It would have seemed very far-fetched when they acquired Marco Estrada from the Brewers last offseason and even now comes as a mild surprise, but the Blue Jays have made the $15.8 million Qualifying Offer to the 32-year-old free agent.
That means Estrada now has the option of accepting a one-year, $15.8 million deal to remain in Toronto or declining the offer and hitting the open market as a free agent. If he signs elsewhere the Blue Jays would receive a compensatory draft pick.
Estrada had a career-year for the Blue Jays, logging a career-high 181 innings with a career-best 3.13 ERA, but his secondary numbers weren’t much different than his previous norms. In fact, his strikeout rate of 6.5 per nine innings was a career-low and he walked the same number of batters as usual while serving up 24 home runs.
He likely would have had plenty of multi-year offers without the draft pick compensation attached, but the number of teams willing to forfeit a draft pick for the right to give a big contract to a 32-year-old with a lifetime 3.95 ERA could be limited. Which is exactly what Estrada will have to consider before deciding to accept or decline the $15.8 million for 2016.
St. Louis has made a qualifying offer to outfielder Jason Heyward and right-hander John Lackey, giving both free agents the option of remaining with the team on a one-year, $15.8 million contract for 2016.
If they decline and sign elsewhere the Cardinals will receive a first-round draft pick as compensation.
Heyward was a no-brainer, because as a 26-year-old elite free agent he’ll have no shortage of huge long-term offers and teams won’t shy away from parting with a draft pick to land him. He’ll turn down the $15.8 million and the Cardinals will attempt to re-sign him for what will almost surely be well over $100 million.
Lackey is a different story, because he’s 37 years old and the draft pick compensation attached to signing him may scare off some interested teams. It severely diminishes his market, perhaps as much as any free agent who’ll receive a Qualifying Offer this year. It’s possible he could decide to simply accept the $15.8 million and stay in St. Louis.
For more details about the Qualifying Offer and everything involved with it, check out Craig Calcaterra’s write-up from earlier today.
Tigers shortstop prospect JaCoby Jones has been suspended 50 games following a second positive test for a drug of abuse.
Detroit acquired Jones from Pittsburgh in the midseason trade for reliever Joakim Soria and he finished the year at Double-A. Picked in the third round of the 2013 draft, Jones hit .257 with 16 homers, 25 steals, and a .737 OPS in 133 total games between Single-A and Double-A this season.
While not a top prospect, he has an intriguing power-speed combination for a middle infielder and could have been in the mix to reach the majors next season if not for the suspension.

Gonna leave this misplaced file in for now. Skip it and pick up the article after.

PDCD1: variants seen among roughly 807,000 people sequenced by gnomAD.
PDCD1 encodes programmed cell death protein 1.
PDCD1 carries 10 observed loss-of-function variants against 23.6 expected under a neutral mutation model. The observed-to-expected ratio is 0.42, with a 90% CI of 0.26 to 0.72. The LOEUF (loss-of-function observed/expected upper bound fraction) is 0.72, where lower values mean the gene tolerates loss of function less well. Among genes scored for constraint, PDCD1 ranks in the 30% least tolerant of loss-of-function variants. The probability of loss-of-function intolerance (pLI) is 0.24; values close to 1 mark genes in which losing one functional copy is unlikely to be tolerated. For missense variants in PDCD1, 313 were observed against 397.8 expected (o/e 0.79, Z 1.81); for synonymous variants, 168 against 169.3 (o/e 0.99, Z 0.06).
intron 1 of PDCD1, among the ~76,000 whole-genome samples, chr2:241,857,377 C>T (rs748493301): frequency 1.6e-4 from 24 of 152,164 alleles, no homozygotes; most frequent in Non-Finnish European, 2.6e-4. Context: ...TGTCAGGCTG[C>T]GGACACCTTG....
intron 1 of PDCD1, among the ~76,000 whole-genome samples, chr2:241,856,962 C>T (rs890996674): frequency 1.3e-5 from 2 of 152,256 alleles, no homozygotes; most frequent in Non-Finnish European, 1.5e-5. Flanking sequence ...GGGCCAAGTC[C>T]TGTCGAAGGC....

Aramis Ramirez hinted all year that this would be his final season and now the 37-year-old third baseman is officially calling it a career, retiring after 18 seasons in the majors.
Ramirez is one of the most underrated right-handed hitters of this era, batting .283 with 386 homers, 495 doubles, and an .833 OPS in 2,194 games for the Pirates, Cubs, Brewers, and Pirates again.
He made three All-Star teams and ranks among the top 10 for active players in runs scored, hits, total bases, doubles, home runs, RBIs, extra-base hits, and times on base. Oh, and he earned nearly $150 million.
Durable and consistent, he topped an .800 OPS in all but one season from 2004 to 2013, hit 25 or more homers 10 different times, and batted .300 or better in seven seasons.
Ramirez debuted at 20, finished playing at 37, and was a really, really good player for nearly that entire time.
San Francisco parted ways with two veteran outfielders, declining 2016 options on Marlon Byrd and Norichika Aoki.
Byrd was an easy call, as his contract called for an $8 million salary and required no buyout to avoid. Acquired from the Reds on August 20, he hit well in 39 games for the Giants but finished the season with a modest .247 batting average and .743 OPS in 135 games overall. Byrd still has very good power, smacking 23, 25, and 24 homers in the past three seasons, but his abysmal strike-zone control led to a sub-.300 on-base percentage and he’s 38 years old. Byrd should be able to find a prominent role in 2016, but his price tag figures to be well below $8 million.
Aoki was a tougher call, because when healthy he’s absolutely been a $5.5 million player by combining excellent contact skills, a good on-base percentage, and solid range in the outfield. Unfortunately he was limited to just 93 games this year due to injuries, including a concussion, and at age 34 the Giants decided not to commit to him this early in the offseason. It’s possible they could look to re-sign Aoki later on, but in the meantime he got a $700,000 buyout.